This, of course, highlights how arbitrary the decision was to lop off the Japanese servers from the PS2/PC version, because it wasn't done for any logical reason besides, I don't know, xenophobia? I won't say that's it for sure, because that's a nasty accusation, but with the 360 version seen as an ultra-niche option in Japan, it does make some sense.

So, if your friends are on PS2 or PC, you'll have to leave them behind for this version, hey, they don't get to play with Japanese people, but you do! All ... six of them who aren't playing on the PS2 or PC versions in their own country.

Obviously, if all of your friends are equipped with the same console as you, by all means, get the 360 version! Voice chat is invaluable to this game, although given the slower pace compared to something like Gears of War, ample opportunity is given to annoying Xbox Live Archetypes (mostly people proselytizing the effects of some state-changing substance) to talk your ear off with whatever idiotic things people tend to talk about on Xbox Live. That's what the mute option is for, and you can continue talking to your friends in-game while ignoring the high-voiced stoner who won't stop coming up with unbalanced trades for the piece of nanosilica you just picked up.

There's also the matter of keeping abreast with the ideals of Xbox Live. The software is designed to be something of a trap, it's true, but I don't entirely resent it. I'm mostly standing by the PS2/PC servers as my main base because of friends, but it irks me that when I'm online, I can't talk to friends playing different 360 games with private chat. There's also the matter of not unlocking any of those unjustifiably addictive achievements from playing the game. So, even if your next-door neighbor is playing the PC version, I won't blame you if you pretend you aren't planning on picking up the game and go with the 360 version for one of the reasons listed in this paragraph. I might resent you a little for it, given my server of choice, but that's only jealousy talking.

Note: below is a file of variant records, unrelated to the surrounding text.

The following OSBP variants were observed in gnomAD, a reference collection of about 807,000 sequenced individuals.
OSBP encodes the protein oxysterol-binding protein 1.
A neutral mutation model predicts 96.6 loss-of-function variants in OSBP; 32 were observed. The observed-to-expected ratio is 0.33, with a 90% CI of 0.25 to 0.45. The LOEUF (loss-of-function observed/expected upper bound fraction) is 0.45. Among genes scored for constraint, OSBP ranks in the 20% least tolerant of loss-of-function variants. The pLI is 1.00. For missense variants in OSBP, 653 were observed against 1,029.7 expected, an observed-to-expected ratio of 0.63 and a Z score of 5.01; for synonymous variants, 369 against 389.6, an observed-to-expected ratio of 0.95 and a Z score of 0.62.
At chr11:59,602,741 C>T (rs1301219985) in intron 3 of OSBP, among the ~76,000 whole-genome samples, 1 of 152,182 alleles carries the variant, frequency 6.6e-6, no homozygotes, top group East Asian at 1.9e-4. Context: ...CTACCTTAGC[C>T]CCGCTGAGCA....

Before getting into the graphical superiorities of the 360 version, I'll get something regrettable out of the way, although it isn't necessarily a knock against the 360 version itself. If you've got an HDTV, you probably have a great sound setup, but you probably won't care to take advantage of that with this game. The music does not compare to what should be expected from this series. It's generic at the very best, and most of the time is downright annoying. It's a complete turnaround from when the game first hit the Dreamcast, but this, along with the 2D design of the menus and other 2D objects, leave a lot to be desired, and show just how much difference having another development team handling those aspects really makes.